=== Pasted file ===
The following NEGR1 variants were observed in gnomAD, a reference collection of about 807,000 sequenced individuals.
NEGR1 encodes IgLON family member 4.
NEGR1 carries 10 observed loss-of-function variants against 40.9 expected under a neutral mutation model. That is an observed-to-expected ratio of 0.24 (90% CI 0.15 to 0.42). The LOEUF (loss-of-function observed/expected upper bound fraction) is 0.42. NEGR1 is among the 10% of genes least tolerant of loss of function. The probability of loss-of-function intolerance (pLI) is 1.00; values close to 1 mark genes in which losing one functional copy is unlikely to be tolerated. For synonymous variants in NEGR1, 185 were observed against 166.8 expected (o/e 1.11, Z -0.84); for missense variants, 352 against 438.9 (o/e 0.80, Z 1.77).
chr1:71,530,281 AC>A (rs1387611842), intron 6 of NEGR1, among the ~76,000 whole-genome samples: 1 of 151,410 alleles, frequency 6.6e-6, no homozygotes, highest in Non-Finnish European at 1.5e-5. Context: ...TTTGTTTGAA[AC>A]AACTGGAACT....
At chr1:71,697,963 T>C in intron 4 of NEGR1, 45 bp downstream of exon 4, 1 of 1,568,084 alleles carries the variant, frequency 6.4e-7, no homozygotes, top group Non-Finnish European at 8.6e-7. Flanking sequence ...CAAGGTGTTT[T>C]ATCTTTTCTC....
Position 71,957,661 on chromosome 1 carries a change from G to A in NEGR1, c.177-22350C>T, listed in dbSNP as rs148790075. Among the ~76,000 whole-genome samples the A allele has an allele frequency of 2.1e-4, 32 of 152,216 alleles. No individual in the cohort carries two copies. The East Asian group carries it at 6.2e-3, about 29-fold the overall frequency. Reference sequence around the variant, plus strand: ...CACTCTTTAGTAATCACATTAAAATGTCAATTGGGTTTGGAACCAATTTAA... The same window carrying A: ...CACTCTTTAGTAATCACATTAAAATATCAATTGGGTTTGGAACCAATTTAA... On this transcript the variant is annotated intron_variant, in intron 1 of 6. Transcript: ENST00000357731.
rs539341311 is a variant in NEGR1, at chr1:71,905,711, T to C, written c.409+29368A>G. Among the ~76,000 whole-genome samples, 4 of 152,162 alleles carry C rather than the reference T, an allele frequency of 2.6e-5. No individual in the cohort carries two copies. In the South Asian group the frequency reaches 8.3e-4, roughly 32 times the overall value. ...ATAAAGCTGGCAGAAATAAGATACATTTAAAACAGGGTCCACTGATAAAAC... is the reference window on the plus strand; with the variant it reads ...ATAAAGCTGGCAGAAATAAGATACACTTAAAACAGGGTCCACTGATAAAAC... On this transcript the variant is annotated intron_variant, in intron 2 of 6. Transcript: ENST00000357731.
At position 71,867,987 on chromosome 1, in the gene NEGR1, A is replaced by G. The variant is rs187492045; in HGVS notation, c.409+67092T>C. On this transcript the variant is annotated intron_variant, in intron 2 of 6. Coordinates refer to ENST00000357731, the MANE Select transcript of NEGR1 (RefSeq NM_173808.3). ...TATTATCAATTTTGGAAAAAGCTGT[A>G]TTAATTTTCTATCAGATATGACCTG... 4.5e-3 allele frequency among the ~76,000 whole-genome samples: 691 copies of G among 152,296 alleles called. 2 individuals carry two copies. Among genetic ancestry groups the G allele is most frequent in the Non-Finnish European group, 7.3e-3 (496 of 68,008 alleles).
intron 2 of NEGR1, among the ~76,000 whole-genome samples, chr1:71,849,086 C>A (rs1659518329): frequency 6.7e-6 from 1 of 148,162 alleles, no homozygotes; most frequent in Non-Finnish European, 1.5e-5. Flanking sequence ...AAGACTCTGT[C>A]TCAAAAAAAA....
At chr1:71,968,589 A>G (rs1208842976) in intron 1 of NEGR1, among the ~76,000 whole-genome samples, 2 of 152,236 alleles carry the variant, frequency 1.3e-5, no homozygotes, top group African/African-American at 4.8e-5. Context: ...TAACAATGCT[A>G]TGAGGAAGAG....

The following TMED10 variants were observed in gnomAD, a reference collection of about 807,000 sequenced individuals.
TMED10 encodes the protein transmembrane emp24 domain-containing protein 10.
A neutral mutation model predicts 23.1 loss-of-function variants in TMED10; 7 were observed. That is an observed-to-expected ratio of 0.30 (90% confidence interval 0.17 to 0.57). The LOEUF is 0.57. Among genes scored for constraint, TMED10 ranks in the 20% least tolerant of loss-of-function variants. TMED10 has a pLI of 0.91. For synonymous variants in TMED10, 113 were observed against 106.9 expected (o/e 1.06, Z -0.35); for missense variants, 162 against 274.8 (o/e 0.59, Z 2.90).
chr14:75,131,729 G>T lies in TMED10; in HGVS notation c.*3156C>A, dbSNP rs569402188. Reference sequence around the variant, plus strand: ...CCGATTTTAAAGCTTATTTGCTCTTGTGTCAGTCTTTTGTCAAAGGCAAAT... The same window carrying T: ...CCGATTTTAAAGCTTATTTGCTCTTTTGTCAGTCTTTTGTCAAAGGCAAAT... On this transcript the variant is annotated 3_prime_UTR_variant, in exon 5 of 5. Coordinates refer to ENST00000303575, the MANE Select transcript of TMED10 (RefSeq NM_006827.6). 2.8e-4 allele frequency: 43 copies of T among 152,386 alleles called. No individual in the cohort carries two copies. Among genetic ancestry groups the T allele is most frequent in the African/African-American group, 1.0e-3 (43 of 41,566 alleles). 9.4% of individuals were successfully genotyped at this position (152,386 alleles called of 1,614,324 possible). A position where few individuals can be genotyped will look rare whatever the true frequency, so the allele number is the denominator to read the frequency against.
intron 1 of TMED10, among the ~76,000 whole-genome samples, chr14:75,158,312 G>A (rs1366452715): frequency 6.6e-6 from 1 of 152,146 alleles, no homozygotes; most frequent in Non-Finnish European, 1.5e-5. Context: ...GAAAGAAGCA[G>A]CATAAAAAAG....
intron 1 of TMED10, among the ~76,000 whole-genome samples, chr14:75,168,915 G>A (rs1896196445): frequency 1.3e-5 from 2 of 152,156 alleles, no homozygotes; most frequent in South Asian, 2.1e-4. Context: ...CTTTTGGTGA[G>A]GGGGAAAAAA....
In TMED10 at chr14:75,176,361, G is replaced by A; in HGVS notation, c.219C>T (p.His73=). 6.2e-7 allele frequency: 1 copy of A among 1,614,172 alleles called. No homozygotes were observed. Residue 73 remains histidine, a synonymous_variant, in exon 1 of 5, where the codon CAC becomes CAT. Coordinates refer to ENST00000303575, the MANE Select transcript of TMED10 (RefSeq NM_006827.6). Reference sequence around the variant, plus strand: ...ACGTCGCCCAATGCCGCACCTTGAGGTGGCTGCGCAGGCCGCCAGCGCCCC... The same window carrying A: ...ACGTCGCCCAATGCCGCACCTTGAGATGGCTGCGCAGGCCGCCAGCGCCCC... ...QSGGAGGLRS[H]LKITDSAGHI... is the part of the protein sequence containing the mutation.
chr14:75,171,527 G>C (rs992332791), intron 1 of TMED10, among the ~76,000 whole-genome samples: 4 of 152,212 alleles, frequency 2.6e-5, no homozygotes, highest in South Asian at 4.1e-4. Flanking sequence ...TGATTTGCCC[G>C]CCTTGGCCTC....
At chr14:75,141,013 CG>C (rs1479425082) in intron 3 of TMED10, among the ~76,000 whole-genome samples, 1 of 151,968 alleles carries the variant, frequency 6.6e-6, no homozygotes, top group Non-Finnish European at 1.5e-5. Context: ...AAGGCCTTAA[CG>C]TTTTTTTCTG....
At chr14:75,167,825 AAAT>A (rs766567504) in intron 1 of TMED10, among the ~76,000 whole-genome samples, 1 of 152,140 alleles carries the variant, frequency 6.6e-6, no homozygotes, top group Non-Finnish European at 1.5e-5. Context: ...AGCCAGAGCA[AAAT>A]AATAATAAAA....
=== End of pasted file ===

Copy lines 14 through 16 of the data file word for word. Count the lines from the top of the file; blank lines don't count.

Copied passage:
chr14:75,131,729 G>T lies in TMED10; in HGVS notation c.*3156C>A, dbSNP rs569402188. Reference sequence around the variant, plus strand: ...CCGATTTTAAAGCTTATTTGCTCTTGTGTCAGTCTTTTGTCAAAGGCAAAT... The same window carrying T: ...CCGATTTTAAAGCTTATTTGCTCTTTTGTCAGTCTTTTGTCAAAGGCAAAT... On this transcript the variant is annotated 3_prime_UTR_variant, in exon 5 of 5. Coordinates refer to ENST00000303575, the MANE Select transcript of TMED10 (RefSeq NM_006827.6). 2.8e-4 allele frequency: 43 copies of T among 152,386 alleles called. No individual in the cohort carries two copies. Among genetic ancestry groups the T allele is most frequent in the African/African-American group, 1.0e-3 (43 of 41,566 alleles). 9.4% of individuals were successfully genotyped at this position (152,386 alleles called of 1,614,324 possible). A position where few individuals can be genotyped will look rare whatever the true frequency, so the allele number is the denominator to read the frequency against.
intron 1 of TMED10, among the ~76,000 whole-genome samples, chr14:75,158,312 G>A (rs1366452715): frequency 6.6e-6 from 1 of 152,146 alleles, no homozygotes; most frequent in Non-Finnish European, 1.5e-5. Context: ...GAAAGAAGCA[G>A]CATAAAAAAG....
intron 1 of TMED10, among the ~76,000 whole-genome samples, chr14:75,168,915 G>A (rs1896196445): frequency 1.3e-5 from 2 of 152,156 alleles, no homozygotes; most frequent in South Asian, 2.1e-4. Context: ...CTTTTGGTGA[G>A]GGGGAAAAAA....